Fifa will decide on the location of the 2018 World Cup on 2 December
By David Bond
BBC Sports editor
Claims of corruption in the 2018 World Cup bidding process have damaged Fifa's reputation, says a member of the body which will choose the hosts next month.
Fifa will decide next week whether to take action against two executive committee members, Nigerian Amos Adamu and Tahitian Reynald Temarii.
The duo face corruption charges following a Sunday Times expose.
"I'm sure there's damage for Fifa and for the World Cup," Fifa executive member Junji Ogura told BBC Sport.
"We were very surprised and disappointed when the executive committee announced two members had been provisionally suspended. We are waiting for the outcome of the Fifa ethics committee later this month and we don't know if they are innocent."
Their [England's] chances are very big... the contents of the English bid everyone appreciates very much
Reporters from the Sunday Times posed as lobbyists for a consortium of private American companies who wanted to secure the World Cup for the United States.
Adamu has been accused of asking to be paid £500,000 - half of that up front - to build four artificial football pitches in his home country.
Temarii, a Fifa vice-president who represents the Oceania confederation, was alleged to have requested £1.5m for a sports academy to be built in the region.
Both deny any wrongdoing and will fight the allegations when they appear before Fifa's ethics committee at a three-day hearing that begins on 15 November.
Initially, England's chances did not seem to have been hit by the Sunday Times investigation.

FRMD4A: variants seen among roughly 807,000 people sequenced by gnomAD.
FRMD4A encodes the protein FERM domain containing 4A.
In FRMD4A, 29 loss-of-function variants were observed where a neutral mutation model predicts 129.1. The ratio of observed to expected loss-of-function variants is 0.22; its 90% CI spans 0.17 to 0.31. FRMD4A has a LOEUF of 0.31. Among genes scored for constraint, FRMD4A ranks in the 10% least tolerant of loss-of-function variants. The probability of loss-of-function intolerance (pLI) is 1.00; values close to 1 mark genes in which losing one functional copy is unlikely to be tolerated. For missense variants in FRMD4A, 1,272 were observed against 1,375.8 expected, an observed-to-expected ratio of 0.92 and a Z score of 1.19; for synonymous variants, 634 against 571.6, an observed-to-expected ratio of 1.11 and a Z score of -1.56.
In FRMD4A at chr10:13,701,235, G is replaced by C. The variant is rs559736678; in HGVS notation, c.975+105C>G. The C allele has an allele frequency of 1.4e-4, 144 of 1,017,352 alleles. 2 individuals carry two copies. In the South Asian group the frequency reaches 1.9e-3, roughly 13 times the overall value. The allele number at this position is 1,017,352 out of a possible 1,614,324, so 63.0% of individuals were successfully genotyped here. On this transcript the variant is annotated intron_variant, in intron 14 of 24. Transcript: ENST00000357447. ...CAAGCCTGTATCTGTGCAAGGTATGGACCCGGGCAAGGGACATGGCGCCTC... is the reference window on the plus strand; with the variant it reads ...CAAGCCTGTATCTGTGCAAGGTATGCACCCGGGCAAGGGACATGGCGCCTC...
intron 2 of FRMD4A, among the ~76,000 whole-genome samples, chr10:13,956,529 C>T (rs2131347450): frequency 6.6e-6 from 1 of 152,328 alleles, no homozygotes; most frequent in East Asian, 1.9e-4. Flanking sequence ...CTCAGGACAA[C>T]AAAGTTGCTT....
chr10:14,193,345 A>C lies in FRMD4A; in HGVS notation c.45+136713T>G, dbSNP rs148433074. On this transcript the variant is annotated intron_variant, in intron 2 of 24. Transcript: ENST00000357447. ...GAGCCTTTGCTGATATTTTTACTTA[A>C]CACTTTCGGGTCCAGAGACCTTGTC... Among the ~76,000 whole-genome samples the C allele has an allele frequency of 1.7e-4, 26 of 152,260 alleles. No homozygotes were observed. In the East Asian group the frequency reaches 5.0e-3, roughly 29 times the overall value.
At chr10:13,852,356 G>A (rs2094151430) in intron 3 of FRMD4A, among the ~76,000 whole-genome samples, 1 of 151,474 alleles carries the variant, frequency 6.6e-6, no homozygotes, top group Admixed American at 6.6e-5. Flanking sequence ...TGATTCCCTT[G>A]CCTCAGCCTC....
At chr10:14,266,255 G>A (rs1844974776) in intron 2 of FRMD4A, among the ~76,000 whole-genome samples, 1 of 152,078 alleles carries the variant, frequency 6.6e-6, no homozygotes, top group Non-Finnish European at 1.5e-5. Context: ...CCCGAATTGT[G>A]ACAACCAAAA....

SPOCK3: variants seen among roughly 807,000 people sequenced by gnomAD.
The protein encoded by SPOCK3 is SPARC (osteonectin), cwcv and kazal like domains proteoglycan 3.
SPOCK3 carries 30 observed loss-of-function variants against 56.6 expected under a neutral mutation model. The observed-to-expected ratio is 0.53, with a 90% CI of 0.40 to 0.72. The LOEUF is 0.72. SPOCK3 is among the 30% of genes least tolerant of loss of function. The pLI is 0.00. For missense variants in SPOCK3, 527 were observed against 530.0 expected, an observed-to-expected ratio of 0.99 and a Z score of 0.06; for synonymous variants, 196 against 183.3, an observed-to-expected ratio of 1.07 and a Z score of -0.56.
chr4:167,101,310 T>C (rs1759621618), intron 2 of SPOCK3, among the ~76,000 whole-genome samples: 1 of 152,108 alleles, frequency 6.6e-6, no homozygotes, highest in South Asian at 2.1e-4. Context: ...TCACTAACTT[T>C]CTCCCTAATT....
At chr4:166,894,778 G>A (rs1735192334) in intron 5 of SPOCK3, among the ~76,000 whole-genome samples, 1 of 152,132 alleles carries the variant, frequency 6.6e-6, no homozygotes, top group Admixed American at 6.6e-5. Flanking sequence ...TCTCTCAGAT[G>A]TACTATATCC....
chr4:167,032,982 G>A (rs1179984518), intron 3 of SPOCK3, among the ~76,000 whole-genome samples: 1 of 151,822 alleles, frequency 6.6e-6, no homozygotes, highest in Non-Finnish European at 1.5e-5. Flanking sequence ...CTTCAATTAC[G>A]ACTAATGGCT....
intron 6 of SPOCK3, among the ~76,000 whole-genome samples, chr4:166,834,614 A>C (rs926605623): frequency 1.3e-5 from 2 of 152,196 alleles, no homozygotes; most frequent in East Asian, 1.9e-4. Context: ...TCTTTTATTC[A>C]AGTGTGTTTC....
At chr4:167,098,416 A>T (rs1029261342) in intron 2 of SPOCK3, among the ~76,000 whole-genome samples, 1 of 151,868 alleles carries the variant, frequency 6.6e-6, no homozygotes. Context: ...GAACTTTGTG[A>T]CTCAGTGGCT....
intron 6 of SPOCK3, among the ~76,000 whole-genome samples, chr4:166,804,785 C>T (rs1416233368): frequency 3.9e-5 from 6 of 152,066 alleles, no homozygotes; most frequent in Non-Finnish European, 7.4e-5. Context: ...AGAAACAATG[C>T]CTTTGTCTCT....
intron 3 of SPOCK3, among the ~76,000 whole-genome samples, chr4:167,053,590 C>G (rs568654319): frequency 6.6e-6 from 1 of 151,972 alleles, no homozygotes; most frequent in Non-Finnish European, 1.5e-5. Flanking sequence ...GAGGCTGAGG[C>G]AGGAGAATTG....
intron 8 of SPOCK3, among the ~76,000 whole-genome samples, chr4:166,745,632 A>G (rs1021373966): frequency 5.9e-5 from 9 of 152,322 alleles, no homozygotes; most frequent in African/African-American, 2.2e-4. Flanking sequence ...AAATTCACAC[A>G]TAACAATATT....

But a member of the England bid team told the BBC last week that the campaign had been "significantly harmed" by a Fifa backlash against the British media.
One source said the reaction of the Fifa members to the expose was so bad that if the vote were tomorrow England would certainly lose.
Fifa president Sepp Blatter recently met with British Prime Minister David Cameron to discuss England's bid
Crucially, it now seems even long-term core supporters of England's bid have told officials they can no longer back them in the 2 December vote.
England 2018 fear further damage could be caused by another investigation into Fifa's conduct by BBC's Panorama.
Last week, it emerged that England 2018 chief executive Andy Anson met with the BBC director general Mark Thompson to discuss the possible upcoming programme.
In a boost for England's campaign, Ogura said that the media would not influence his decision, although he conceded that some executive committee members would be affected.
"Their [England's] chances are very big," said Ogura. "The contents of the English bid everyone appreciates very much."
Fifa's ethics committee will also consider claims made by former Fifa general secretary Michel Zen Ruffinen that Spain and Portugal's bid team for 2018 has formed a voting alliance with Qatar for 2022 - a move which is against Fifa's bidding rules.
Bid leaders from Spain/Portugal and Qatar are refusing to comment officially on the allegations, although the head of the Portuguese FA, Gilberto Modail, has categorically denied the claims.
Zen Ruffinen has also stated that his claims were an exaggeration to impress the reporters posing as American lobbyists.
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